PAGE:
As of writing this, my Klout is 61 (in a range from 1 to 100, where Lady Gaga is at 93, but then she does have over 11 million Twitter followers!).
So how does it work and why is this important?
You sign up, add your social media links like Facebook and Twitter, then Klout analyses the data, looks at how people engage with you, considers who those people are and what standing they have… etc. It uses 35 variables and has three major ways of marking the data…
Here’s what the Klout site says…
True Reach is the size of your engaged audience. We eliminate inactive and spam accounts, and only include accounts that you influence. To do this we calculate influence for each individual relationship taking into account factors such as whether an individual has shared or acted upon your content and the likelihood that they saw it.
Amplification Probability is the likelihood that your content will be acted upon. How often do your messages generate retweets or spark a conversation? The ability to create content that compels others to respond and high-velocity content that spreads into networks beyond your own is a key component of influence.
Network Influence is the influence level of your engaged audience. Engagement is measured based on actions such as retweets, @messages, follows, lists, comments, and likes. Each time a person performs one of these actions it is a testament to the authority and the quality of your content. Capturing the attention of influencers is no easy task, and those who are able to do so are typically creating spectacular content. Network Score looks at the Klout score of each person who interacts with you to determine:
There is a full breakdown of the analysis here…
The upshot is that Klout has given me a score of 61 today, and considers me a ‘Thought Leader’ :-0. It will even rate you against other people in a rather nifty chart – you can see it here (add your Twitter handle to the box at the top of the screen to see your own quick score).
So why is this so important to film makers?
Well first off, yes, Klout can be skewed by some naughty tricks, and no, Klout is not the best or only way to measure your presence and engagement. But, it is becoming ubiquitous, it does work (in so much as it gives a pretty good analysis), it’s simple and elegant, and it ends up with one nice figure which reminds us to take action!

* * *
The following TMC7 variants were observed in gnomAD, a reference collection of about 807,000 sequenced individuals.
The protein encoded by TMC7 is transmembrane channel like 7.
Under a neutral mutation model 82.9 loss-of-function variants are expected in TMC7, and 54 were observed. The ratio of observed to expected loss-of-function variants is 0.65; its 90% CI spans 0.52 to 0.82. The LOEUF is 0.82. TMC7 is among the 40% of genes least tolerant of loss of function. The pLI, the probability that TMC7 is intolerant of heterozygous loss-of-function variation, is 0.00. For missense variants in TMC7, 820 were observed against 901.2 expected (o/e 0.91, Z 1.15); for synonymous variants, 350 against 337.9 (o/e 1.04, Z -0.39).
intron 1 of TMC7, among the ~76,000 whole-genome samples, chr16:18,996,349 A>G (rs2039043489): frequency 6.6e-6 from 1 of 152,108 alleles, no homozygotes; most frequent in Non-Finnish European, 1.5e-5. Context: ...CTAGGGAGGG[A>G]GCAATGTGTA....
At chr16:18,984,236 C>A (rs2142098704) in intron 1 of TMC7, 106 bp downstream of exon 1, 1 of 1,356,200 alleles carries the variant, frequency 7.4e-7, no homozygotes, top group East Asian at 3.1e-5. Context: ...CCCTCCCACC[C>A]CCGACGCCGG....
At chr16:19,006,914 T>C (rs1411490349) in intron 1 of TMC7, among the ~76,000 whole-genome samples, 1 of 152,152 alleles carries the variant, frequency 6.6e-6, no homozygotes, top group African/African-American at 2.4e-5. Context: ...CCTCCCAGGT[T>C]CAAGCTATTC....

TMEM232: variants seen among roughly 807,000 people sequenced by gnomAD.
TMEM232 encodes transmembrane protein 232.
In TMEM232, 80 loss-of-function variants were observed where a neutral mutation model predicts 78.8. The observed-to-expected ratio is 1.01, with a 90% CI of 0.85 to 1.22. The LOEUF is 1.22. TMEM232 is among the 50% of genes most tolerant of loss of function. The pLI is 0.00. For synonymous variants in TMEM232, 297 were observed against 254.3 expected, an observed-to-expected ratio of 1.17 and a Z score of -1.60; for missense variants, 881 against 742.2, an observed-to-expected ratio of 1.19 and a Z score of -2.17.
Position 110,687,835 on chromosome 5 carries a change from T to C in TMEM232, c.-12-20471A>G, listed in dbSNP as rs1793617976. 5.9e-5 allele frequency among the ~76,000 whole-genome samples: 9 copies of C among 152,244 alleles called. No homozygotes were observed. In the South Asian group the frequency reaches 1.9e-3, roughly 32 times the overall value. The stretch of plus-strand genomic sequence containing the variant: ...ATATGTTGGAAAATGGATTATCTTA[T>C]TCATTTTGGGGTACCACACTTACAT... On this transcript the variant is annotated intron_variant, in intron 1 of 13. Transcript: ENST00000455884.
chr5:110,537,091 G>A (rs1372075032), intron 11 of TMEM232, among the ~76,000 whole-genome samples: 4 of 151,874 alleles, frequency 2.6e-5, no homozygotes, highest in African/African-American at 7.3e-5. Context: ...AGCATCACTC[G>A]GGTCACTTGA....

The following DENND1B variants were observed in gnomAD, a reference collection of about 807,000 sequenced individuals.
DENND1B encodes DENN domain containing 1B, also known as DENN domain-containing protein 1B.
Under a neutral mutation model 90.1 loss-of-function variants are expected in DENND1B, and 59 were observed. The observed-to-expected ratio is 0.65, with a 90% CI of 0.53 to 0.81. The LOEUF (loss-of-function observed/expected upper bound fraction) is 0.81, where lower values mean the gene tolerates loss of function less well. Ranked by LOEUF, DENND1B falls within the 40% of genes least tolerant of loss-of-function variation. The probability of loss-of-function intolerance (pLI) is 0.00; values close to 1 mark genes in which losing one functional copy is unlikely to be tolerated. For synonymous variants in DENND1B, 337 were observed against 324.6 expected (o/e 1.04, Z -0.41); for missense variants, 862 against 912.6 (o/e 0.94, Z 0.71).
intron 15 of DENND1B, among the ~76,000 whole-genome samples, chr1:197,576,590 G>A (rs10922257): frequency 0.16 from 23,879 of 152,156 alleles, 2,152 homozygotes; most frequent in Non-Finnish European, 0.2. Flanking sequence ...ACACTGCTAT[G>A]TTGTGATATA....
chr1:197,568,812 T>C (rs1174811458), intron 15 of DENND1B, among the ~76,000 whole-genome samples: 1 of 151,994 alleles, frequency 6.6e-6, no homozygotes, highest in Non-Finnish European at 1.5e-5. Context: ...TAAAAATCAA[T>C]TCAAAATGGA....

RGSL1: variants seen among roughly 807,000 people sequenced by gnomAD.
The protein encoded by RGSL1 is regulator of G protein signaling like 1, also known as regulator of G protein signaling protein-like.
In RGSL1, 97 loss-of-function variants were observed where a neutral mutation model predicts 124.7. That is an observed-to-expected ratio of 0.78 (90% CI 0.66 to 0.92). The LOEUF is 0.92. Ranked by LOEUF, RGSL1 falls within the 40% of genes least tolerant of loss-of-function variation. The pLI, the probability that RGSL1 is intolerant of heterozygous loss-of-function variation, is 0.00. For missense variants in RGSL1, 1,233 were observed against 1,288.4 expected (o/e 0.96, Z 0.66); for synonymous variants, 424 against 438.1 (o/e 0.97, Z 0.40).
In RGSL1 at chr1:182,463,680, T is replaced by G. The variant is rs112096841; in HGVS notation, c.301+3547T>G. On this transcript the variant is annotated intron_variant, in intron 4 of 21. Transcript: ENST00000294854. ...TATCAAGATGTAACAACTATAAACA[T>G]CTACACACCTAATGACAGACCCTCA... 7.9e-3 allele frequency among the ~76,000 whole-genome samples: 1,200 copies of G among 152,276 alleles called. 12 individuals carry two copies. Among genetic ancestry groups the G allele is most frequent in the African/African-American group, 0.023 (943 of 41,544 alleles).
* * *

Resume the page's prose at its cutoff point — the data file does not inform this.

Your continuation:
So Klout is a great way to seek online collaborators or genuine influencers in your community. It’s one thing seeing lots of Facebook activity or Twittering, but it’s another thing when you get considered analysis as to whether that person is just a loud person in a small room or a respected influencer in a hall of important people.
Using Klout is a small part of a workshop I am building for film makers, about online presences and social media, aimed at beginners and intermediates. The idea is that everyone will leave with an accelerated understanding of online tools, AND with a whole new bespoke and personalised arsenal, built and running by the end of the class (so laptops and iPads are recommended so you can set it up there and then).
If you are interested in this workshop, sign up below and I will be in touch very soon.
Finally, Klout is just one tool of many. While it is a helping indicator, it is not an absolute or official rating of real value. Fundamentally, it’s taking something qualitative and making it quantitative, which may undermine the whole concept in the value of genuine engagement and influence. These are subtle relationships and difficult to rate. So use it, but don’t get obsessed by it…
Right, I better just go and see if this blog entry has increased my Klout score…
Onwards and upwards!
Chris Jones, Film Maker and Author
PS – Do you have any tips for increasing your Klout score?